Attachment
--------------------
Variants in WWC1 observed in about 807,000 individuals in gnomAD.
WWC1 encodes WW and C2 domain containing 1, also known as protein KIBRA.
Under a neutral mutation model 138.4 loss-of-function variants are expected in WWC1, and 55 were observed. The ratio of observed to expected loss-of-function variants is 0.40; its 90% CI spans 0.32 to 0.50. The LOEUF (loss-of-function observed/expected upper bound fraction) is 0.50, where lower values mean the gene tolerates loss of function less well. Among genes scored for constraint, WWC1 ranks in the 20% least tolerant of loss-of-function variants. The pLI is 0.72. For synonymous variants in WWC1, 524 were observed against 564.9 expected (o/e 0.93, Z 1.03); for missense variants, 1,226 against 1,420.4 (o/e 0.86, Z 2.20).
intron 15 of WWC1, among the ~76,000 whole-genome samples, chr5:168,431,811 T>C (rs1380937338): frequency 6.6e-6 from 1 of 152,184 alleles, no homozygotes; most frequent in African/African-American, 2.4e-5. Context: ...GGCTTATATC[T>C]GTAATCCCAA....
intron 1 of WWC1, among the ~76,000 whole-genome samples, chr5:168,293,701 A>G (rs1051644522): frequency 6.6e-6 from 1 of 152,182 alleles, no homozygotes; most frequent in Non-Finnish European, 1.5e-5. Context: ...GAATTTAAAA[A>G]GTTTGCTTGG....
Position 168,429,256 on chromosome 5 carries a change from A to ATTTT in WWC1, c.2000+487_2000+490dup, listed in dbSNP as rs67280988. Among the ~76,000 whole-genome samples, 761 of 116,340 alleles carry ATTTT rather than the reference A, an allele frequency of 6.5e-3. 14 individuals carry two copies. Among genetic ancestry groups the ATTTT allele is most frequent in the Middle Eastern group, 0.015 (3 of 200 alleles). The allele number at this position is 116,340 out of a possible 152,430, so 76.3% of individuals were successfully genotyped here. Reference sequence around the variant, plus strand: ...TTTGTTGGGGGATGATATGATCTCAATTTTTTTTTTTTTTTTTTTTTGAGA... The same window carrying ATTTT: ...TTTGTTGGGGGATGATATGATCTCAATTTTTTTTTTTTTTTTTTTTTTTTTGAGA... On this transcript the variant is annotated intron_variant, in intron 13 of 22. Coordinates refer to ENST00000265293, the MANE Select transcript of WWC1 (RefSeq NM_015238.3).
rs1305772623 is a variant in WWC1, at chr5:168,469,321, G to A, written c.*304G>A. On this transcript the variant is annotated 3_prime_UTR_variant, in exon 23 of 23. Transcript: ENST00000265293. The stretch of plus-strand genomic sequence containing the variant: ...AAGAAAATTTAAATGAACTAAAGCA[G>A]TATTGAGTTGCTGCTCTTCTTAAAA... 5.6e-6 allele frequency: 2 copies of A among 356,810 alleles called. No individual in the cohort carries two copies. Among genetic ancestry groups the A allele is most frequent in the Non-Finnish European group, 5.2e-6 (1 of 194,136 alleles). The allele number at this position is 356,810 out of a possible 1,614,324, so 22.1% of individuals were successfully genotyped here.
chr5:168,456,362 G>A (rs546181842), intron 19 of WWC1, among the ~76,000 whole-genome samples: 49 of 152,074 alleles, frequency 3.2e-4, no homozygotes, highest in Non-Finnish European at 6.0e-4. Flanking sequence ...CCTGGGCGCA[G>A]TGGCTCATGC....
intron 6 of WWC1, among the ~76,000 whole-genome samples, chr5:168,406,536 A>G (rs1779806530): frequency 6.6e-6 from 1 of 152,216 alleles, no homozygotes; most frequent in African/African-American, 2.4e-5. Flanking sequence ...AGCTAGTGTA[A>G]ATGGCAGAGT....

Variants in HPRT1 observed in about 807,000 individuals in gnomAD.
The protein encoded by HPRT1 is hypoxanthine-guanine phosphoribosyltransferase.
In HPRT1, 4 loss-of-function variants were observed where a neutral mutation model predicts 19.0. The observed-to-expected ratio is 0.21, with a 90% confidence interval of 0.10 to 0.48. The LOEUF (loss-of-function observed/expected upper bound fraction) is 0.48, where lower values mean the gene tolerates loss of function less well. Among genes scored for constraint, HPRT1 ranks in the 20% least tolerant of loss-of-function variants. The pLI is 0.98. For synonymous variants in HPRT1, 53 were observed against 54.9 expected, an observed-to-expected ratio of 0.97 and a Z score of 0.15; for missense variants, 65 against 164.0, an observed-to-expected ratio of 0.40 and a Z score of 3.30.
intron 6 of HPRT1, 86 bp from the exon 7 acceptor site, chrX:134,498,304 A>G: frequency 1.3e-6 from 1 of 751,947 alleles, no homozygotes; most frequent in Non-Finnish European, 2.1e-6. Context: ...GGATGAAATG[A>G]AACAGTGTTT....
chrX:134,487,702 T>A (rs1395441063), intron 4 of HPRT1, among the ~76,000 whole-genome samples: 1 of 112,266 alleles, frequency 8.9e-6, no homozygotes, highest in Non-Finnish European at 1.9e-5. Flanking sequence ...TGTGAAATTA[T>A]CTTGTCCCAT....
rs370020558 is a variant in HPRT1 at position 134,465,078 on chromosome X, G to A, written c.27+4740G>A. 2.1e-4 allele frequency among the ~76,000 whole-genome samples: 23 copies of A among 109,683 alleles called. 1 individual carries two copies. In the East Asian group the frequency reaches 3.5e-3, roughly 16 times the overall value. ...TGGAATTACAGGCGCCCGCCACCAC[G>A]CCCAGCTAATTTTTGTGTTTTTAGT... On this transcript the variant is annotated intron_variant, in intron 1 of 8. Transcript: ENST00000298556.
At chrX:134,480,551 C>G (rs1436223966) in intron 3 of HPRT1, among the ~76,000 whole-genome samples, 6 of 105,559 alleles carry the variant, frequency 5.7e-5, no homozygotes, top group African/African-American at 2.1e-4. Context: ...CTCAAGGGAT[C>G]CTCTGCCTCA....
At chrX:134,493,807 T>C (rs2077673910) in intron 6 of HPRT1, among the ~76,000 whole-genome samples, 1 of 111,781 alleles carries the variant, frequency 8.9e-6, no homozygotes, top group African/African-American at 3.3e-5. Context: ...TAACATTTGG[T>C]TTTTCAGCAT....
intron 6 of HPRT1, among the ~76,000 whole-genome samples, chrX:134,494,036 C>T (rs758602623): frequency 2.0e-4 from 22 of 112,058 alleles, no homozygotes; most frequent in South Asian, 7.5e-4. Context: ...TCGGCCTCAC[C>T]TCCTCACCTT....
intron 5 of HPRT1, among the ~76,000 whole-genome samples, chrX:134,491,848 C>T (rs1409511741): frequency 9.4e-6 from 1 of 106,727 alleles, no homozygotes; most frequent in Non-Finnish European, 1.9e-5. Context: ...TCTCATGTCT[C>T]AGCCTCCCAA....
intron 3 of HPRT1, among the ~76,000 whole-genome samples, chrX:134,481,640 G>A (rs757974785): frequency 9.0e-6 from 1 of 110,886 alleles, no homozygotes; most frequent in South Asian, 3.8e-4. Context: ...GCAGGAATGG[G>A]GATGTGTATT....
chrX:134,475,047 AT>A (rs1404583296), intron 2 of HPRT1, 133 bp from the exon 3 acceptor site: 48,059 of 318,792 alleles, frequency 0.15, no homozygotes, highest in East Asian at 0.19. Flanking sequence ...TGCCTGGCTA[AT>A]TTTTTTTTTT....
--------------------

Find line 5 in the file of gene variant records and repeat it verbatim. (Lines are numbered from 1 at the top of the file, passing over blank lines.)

intron 1 of WWC1, among the ~76,000 whole-genome samples, chr5:168,293,701 A>G (rs1051644522): frequency 6.6e-6 from 1 of 152,182 alleles, no homozygotes; most frequent in Non-Finnish European, 1.5e-5. Context: ...GAATTTAAAA[A>G]GTTTGCTTGG....